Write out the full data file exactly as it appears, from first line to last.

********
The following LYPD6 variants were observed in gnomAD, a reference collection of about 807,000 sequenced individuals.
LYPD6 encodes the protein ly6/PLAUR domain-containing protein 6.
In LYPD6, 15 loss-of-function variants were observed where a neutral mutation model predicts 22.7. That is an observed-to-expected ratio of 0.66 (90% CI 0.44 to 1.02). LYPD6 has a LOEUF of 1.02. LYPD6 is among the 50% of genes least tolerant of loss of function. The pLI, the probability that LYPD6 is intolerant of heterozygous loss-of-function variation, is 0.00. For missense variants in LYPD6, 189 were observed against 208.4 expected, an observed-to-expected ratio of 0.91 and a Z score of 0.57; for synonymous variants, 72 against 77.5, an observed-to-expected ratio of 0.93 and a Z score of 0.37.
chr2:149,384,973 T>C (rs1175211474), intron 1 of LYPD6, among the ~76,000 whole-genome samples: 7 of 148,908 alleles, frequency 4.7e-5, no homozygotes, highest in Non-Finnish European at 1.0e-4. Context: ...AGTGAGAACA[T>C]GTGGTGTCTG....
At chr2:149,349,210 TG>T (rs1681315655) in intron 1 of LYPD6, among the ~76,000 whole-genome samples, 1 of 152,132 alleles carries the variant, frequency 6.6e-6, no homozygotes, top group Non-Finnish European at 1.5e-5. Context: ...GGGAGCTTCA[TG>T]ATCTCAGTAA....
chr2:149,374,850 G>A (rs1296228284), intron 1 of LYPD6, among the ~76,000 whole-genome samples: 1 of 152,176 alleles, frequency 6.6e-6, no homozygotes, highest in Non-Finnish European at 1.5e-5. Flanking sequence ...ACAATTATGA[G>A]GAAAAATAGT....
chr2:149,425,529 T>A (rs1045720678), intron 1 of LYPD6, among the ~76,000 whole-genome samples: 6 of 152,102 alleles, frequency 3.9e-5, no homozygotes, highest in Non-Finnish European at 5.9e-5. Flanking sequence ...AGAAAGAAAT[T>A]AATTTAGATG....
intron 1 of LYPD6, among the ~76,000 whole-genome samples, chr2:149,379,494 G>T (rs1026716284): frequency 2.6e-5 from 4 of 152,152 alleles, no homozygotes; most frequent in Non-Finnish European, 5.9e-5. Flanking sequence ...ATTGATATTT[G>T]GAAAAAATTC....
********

The following LYPD6 variants were observed in gnomAD, a reference collection of about 807,000 sequenced individuals.
LYPD6 encodes the protein ly6/PLAUR domain-containing protein 6.
In LYPD6, 15 loss-of-function variants were observed where a neutral mutation model predicts 22.7. That is an observed-to-expected ratio of 0.66 (90% CI 0.44 to 1.02). LYPD6 has a LOEUF of 1.02. LYPD6 is among the 50% of genes least tolerant of loss of function. The pLI, the probability that LYPD6 is intolerant of heterozygous loss-of-function variation, is 0.00. For missense variants in LYPD6, 189 were observed against 208.4 expected, an observed-to-expected ratio of 0.91 and a Z score of 0.57; for synonymous variants, 72 against 77.5, an observed-to-expected ratio of 0.93 and a Z score of 0.37.
chr2:149,384,973 T>C (rs1175211474), intron 1 of LYPD6, among the ~76,000 whole-genome samples: 7 of 148,908 alleles, frequency 4.7e-5, no homozygotes, highest in Non-Finnish European at 1.0e-4. Context: ...AGTGAGAACA[T>C]GTGGTGTCTG....
At chr2:149,349,210 TG>T (rs1681315655) in intron 1 of LYPD6, among the ~76,000 whole-genome samples, 1 of 152,132 alleles carries the variant, frequency 6.6e-6, no homozygotes, top group Non-Finnish European at 1.5e-5. Context: ...GGGAGCTTCA[TG>T]ATCTCAGTAA....
chr2:149,374,850 G>A (rs1296228284), intron 1 of LYPD6, among the ~76,000 whole-genome samples: 1 of 152,176 alleles, frequency 6.6e-6, no homozygotes, highest in Non-Finnish European at 1.5e-5. Flanking sequence ...ACAATTATGA[G>A]GAAAAATAGT....
chr2:149,425,529 T>A (rs1045720678), intron 1 of LYPD6, among the ~76,000 whole-genome samples: 6 of 152,102 alleles, frequency 3.9e-5, no homozygotes, highest in Non-Finnish European at 5.9e-5. Flanking sequence ...AGAAAGAAAT[T>A]AATTTAGATG....
intron 1 of LYPD6, among the ~76,000 whole-genome samples, chr2:149,379,494 G>T (rs1026716284): frequency 2.6e-5 from 4 of 152,152 alleles, no homozygotes; most frequent in Non-Finnish European, 5.9e-5. Flanking sequence ...ATTGATATTT[G>T]GAAAAAATTC....